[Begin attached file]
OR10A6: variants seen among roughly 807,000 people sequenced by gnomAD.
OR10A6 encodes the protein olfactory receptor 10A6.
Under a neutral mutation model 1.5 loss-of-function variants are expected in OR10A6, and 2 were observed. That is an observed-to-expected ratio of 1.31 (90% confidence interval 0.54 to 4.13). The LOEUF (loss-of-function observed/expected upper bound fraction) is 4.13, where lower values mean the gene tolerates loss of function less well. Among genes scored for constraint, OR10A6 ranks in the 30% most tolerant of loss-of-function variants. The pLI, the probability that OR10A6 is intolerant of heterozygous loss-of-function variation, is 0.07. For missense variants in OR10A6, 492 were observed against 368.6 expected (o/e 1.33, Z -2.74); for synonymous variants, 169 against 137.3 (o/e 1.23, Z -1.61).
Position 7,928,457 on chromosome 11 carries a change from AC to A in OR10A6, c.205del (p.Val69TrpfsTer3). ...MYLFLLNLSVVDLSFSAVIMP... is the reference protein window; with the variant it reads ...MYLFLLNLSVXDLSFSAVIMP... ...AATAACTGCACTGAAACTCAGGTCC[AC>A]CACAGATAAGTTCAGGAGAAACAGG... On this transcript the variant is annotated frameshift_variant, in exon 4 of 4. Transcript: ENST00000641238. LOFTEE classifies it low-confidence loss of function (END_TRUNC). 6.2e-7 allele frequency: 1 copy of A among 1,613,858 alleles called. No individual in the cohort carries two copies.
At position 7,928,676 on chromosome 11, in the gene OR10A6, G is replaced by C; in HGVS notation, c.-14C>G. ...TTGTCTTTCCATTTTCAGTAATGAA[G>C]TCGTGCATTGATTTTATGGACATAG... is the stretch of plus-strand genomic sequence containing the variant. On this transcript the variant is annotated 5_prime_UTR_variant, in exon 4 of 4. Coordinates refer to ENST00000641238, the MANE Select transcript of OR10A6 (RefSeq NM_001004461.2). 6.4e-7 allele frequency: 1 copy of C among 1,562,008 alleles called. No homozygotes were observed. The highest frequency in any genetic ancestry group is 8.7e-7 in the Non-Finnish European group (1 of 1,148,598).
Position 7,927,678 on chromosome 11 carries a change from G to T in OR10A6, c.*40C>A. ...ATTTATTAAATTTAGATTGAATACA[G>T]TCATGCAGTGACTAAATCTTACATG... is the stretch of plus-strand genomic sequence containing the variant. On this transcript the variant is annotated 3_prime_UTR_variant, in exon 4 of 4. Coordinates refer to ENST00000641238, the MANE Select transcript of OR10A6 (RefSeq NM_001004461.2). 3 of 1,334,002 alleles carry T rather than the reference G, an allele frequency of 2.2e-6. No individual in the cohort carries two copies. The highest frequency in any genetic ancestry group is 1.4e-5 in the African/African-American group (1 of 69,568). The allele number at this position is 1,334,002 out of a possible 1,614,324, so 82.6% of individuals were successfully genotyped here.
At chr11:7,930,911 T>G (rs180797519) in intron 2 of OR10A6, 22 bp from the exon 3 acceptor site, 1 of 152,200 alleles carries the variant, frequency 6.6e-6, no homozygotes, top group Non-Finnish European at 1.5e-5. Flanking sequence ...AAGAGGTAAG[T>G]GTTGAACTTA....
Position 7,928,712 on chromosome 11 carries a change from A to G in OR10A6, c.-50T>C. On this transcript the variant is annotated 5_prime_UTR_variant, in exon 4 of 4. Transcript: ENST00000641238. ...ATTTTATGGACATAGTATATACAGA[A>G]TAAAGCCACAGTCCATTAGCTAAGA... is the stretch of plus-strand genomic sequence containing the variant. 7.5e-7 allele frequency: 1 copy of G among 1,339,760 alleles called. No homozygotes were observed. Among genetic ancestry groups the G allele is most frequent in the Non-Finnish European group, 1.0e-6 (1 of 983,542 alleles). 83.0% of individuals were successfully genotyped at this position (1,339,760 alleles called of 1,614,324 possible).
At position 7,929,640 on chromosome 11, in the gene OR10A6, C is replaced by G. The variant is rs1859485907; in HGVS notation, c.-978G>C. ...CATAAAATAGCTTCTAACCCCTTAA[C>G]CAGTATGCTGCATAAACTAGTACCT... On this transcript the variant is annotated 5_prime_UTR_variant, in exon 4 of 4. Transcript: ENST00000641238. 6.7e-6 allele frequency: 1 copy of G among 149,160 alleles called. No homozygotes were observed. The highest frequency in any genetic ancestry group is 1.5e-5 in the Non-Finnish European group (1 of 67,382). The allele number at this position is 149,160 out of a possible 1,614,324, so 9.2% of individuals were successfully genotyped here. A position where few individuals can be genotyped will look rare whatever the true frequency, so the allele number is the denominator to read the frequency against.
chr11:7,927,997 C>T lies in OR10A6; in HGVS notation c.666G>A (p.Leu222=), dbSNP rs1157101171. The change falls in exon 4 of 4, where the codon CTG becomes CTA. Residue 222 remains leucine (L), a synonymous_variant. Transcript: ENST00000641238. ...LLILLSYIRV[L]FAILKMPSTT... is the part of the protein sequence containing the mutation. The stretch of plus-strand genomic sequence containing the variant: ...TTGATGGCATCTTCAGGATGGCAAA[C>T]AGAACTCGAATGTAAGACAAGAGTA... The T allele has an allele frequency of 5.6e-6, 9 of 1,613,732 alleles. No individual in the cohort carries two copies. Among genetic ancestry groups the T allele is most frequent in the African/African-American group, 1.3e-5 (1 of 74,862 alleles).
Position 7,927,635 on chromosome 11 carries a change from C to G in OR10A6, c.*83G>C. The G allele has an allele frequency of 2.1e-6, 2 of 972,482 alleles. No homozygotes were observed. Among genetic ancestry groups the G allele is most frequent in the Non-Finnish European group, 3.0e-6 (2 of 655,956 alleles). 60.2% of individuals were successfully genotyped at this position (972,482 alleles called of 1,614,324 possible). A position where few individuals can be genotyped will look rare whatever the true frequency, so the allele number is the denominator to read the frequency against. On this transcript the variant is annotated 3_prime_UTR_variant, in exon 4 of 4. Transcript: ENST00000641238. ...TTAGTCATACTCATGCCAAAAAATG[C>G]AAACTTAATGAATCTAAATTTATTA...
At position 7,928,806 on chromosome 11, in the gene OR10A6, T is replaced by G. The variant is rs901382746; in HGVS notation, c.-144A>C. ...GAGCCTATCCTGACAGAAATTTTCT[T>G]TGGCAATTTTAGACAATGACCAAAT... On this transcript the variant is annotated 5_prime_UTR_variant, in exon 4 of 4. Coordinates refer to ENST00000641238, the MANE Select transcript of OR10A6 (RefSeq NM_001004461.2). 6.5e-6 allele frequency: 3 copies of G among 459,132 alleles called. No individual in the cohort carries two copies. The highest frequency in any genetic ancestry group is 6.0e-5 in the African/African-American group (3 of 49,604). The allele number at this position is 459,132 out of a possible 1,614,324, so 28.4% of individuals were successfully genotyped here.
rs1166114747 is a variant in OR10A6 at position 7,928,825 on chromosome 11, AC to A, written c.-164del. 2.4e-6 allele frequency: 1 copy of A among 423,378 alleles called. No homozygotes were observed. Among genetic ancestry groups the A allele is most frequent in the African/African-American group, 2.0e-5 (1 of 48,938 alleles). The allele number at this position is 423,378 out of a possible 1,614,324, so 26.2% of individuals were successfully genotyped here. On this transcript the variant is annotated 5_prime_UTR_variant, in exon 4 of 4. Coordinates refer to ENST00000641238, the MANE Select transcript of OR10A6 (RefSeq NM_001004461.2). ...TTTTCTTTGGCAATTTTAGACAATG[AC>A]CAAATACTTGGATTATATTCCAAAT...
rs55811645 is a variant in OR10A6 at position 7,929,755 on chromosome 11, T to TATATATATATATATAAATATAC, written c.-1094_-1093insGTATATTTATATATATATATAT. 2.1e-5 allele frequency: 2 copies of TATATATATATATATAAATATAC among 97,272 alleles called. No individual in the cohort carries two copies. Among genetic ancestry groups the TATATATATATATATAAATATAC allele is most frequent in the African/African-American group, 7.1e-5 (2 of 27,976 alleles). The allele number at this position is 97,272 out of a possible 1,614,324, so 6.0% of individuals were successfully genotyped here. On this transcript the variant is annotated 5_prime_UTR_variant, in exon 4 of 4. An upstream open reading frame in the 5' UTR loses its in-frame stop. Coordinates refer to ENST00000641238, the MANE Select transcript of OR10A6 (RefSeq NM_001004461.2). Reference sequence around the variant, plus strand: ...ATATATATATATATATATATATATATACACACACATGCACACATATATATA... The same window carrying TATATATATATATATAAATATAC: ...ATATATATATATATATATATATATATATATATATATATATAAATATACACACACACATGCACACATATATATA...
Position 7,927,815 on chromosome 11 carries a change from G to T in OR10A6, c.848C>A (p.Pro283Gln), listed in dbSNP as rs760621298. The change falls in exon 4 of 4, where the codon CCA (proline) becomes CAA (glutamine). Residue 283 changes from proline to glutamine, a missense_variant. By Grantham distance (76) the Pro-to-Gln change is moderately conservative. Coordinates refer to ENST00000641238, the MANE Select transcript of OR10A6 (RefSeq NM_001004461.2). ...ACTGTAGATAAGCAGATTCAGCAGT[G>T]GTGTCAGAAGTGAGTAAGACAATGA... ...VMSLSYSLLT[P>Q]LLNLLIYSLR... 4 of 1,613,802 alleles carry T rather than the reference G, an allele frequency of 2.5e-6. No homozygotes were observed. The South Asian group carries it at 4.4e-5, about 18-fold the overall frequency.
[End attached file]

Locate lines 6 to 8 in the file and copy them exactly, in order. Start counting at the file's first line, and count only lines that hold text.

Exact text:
Position 7,927,678 on chromosome 11 carries a change from G to T in OR10A6, c.*40C>A. ...ATTTATTAAATTTAGATTGAATACA[G>T]TCATGCAGTGACTAAATCTTACATG... is the stretch of plus-strand genomic sequence containing the variant. On this transcript the variant is annotated 3_prime_UTR_variant, in exon 4 of 4. Coordinates refer to ENST00000641238, the MANE Select transcript of OR10A6 (RefSeq NM_001004461.2). 3 of 1,334,002 alleles carry T rather than the reference G, an allele frequency of 2.2e-6. No individual in the cohort carries two copies. The highest frequency in any genetic ancestry group is 1.4e-5 in the African/African-American group (1 of 69,568). The allele number at this position is 1,334,002 out of a possible 1,614,324, so 82.6% of individuals were successfully genotyped here.
At chr11:7,930,911 T>G (rs180797519) in intron 2 of OR10A6, 22 bp from the exon 3 acceptor site, 1 of 152,200 alleles carries the variant, frequency 6.6e-6, no homozygotes, top group Non-Finnish European at 1.5e-5. Flanking sequence ...AAGAGGTAAG[T>G]GTTGAACTTA....
Position 7,928,712 on chromosome 11 carries a change from A to G in OR10A6, c.-50T>C. On this transcript the variant is annotated 5_prime_UTR_variant, in exon 4 of 4. Transcript: ENST00000641238. ...ATTTTATGGACATAGTATATACAGA[A>G]TAAAGCCACAGTCCATTAGCTAAGA... is the stretch of plus-strand genomic sequence containing the variant. 7.5e-7 allele frequency: 1 copy of G among 1,339,760 alleles called. No homozygotes were observed. Among genetic ancestry groups the G allele is most frequent in the Non-Finnish European group, 1.0e-6 (1 of 983,542 alleles). 83.0% of individuals were successfully genotyped at this position (1,339,760 alleles called of 1,614,324 possible).